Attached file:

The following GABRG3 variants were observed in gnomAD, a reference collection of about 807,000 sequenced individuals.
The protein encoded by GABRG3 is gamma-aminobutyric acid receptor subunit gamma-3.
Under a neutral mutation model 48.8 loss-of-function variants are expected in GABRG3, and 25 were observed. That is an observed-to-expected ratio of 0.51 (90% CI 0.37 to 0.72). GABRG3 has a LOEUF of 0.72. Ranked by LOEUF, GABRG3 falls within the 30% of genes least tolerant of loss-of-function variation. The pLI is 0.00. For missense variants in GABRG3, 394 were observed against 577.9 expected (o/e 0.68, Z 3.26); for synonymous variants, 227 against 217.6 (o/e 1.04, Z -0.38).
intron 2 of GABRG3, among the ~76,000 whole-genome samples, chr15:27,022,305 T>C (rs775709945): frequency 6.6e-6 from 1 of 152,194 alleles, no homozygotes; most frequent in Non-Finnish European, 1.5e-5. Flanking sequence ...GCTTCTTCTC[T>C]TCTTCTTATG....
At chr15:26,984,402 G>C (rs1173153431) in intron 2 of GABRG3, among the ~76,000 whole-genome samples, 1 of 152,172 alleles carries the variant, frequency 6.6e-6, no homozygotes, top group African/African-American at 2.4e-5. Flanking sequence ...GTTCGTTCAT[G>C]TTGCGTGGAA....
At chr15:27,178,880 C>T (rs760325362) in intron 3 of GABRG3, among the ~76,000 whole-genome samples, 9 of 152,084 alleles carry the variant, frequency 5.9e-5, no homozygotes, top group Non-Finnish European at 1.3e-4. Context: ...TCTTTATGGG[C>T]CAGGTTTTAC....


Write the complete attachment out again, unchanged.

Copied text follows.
The following GABRG3 variants were observed in gnomAD, a reference collection of about 807,000 sequenced individuals.
The protein encoded by GABRG3 is gamma-aminobutyric acid receptor subunit gamma-3.
Under a neutral mutation model 48.8 loss-of-function variants are expected in GABRG3, and 25 were observed. That is an observed-to-expected ratio of 0.51 (90% CI 0.37 to 0.72). GABRG3 has a LOEUF of 0.72. Ranked by LOEUF, GABRG3 falls within the 30% of genes least tolerant of loss-of-function variation. The pLI is 0.00. For missense variants in GABRG3, 394 were observed against 577.9 expected (o/e 0.68, Z 3.26); for synonymous variants, 227 against 217.6 (o/e 1.04, Z -0.38).
intron 2 of GABRG3, among the ~76,000 whole-genome samples, chr15:27,022,305 T>C (rs775709945): frequency 6.6e-6 from 1 of 152,194 alleles, no homozygotes; most frequent in Non-Finnish European, 1.5e-5. Flanking sequence ...GCTTCTTCTC[T>C]TCTTCTTATG....
At chr15:26,984,402 G>C (rs1173153431) in intron 2 of GABRG3, among the ~76,000 whole-genome samples, 1 of 152,172 alleles carries the variant, frequency 6.6e-6, no homozygotes, top group African/African-American at 2.4e-5. Flanking sequence ...GTTCGTTCAT[G>C]TTGCGTGGAA....
At chr15:27,178,880 C>T (rs760325362) in intron 3 of GABRG3, among the ~76,000 whole-genome samples, 9 of 152,084 alleles carry the variant, frequency 5.9e-5, no homozygotes, top group Non-Finnish European at 1.3e-4. Context: ...TCTTTATGGG[C>T]CAGGTTTTAC....